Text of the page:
Staply Team

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Avoiding legal pain in startups

We are continuing to describe how to make a proper Founders agreement using, as an example, agreement that we’ve prepared and signed in Staply. If you just joined us, this is a series of articles for startup founders, who wish to implement a basic legal protection for their startup. I know very few startups, that had any legal protection, especially on the initial stages of the company. If you don’t want to do any kind of legal activities without a lawyer, these articles can be used as a prep material for the discussion with a lawyer or attorney.

In the previous parts of the Founders Agreement line-by-line guide I’ve described preamble part and started to describe the agreement part. I’ve already covered topics related to responsibilities of the CEO (Chief Executive Officer), COO (Chief Operating Officer), making amendments to the agreement and intellectual property.

In this article

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Complete DIY guide: Founders Agreement part 3: Intellectual Property

This is a third part of our line by line description of the Founders Agreement, that we’ve signed at Staply between Greg and me. Previously, I’ve describe the preamble part and first 3 clauses of the Agreement part: Responsibilities of the Founders, CEO’s responsibilities and COO’s responsibilities.

All clauses after the 3rd one (4-11) are so-called general things, not generally related to the Founders agreement. For example, in this article I’ll describe how the amendments can be done to the Founders agreement and where all the intellectual property should be stored. As you can see, these topics are important, but do not refer to the founders and their responsibilities. Basically, part, that corresponds to the founders responsibilities, is covered in the preamble and clauses 1-3.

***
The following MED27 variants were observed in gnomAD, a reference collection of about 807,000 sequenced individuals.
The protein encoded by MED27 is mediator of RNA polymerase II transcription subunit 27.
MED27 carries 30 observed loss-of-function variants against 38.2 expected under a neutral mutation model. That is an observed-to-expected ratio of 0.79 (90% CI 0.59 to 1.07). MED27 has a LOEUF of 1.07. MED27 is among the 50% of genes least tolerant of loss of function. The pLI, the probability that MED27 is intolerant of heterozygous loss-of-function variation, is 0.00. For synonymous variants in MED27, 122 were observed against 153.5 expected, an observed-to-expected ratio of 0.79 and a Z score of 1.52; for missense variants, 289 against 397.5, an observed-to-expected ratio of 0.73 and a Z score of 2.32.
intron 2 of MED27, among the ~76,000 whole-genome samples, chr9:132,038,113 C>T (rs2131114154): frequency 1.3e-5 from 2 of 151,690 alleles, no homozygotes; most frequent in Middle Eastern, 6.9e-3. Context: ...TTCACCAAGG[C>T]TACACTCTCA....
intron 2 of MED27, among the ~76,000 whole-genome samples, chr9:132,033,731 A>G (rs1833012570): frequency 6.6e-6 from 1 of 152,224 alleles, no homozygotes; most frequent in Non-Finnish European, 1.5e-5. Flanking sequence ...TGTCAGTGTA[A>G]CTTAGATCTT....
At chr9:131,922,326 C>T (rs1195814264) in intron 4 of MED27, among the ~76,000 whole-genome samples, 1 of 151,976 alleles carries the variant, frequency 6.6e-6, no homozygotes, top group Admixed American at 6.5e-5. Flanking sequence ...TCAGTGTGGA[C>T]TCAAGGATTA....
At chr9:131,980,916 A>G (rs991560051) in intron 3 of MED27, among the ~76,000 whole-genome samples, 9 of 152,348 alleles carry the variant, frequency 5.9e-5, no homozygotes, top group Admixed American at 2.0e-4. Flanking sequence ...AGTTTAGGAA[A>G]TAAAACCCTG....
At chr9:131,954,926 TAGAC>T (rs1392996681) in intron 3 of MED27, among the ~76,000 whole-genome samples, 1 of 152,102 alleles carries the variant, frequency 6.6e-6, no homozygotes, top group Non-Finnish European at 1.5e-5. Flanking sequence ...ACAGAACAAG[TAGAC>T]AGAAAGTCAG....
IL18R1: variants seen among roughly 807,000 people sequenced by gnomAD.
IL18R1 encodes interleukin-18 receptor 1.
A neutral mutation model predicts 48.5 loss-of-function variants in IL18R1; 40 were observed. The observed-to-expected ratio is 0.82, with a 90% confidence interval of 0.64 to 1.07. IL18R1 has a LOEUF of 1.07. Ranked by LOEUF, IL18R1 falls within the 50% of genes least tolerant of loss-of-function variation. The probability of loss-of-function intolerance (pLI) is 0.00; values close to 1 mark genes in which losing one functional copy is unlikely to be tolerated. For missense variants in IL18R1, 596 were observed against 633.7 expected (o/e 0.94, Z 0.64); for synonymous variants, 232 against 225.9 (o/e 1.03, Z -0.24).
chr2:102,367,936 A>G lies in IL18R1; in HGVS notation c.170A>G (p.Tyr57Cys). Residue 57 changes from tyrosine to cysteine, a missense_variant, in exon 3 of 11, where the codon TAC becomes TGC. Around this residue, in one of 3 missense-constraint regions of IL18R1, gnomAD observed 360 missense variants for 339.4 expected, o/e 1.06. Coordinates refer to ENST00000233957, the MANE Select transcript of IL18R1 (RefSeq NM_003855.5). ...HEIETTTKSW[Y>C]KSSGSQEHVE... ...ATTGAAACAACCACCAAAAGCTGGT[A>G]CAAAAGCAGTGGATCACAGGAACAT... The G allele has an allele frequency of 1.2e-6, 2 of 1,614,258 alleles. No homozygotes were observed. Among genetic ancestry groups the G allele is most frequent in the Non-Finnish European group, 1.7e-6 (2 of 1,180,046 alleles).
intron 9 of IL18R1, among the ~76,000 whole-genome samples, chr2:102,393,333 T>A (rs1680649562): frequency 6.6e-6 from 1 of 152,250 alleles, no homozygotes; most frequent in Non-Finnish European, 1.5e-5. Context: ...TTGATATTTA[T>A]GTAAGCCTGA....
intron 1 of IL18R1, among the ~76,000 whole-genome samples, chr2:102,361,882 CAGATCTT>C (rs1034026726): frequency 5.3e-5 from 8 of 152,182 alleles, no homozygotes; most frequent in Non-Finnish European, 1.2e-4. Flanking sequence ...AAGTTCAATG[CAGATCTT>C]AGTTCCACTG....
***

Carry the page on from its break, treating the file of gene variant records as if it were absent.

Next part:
The document, that I describe, is available here.

 Amendments to the Agreement

In my opinion, one of the

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How to Prepare a Founders Agreement part 2

This is a second part of my article where I explain in simple words how to prepare a Founders Agreement. In the previous part I’ve shared our own Founders Agreement, that we’ve signed in Staply. That agreement is used as an example in this part as well. If you missed it out, please find it here. Now I’m going to continue to the next parts of the Founders agreement.

 Agreement Part

Agreement part starts in the Agreement section with the following preamble:

“NOW, THEREFORE, in consideration of the above representations and understandings…”

Basically, it means, that “understandings” mentioned in the Recitals section are considered before creating and signing the Founders Agreement.

As I’ve mentioned before the main purpose of Rectails section is to describe the main points on which all Founders had agreed. So here I made a reference to it. If some statements or clauses of the

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How to Prepare a Founders Agreement

Hi guys. Sorry for the delay. We were working hard on the beta version of Staply that we plan to launch really, really soon. But luckily now i have some time to write the next part of our DIY guide of legal basics for startups. In this article I will describe the first 2 sections of the Founders Agreement, Header and Recitals.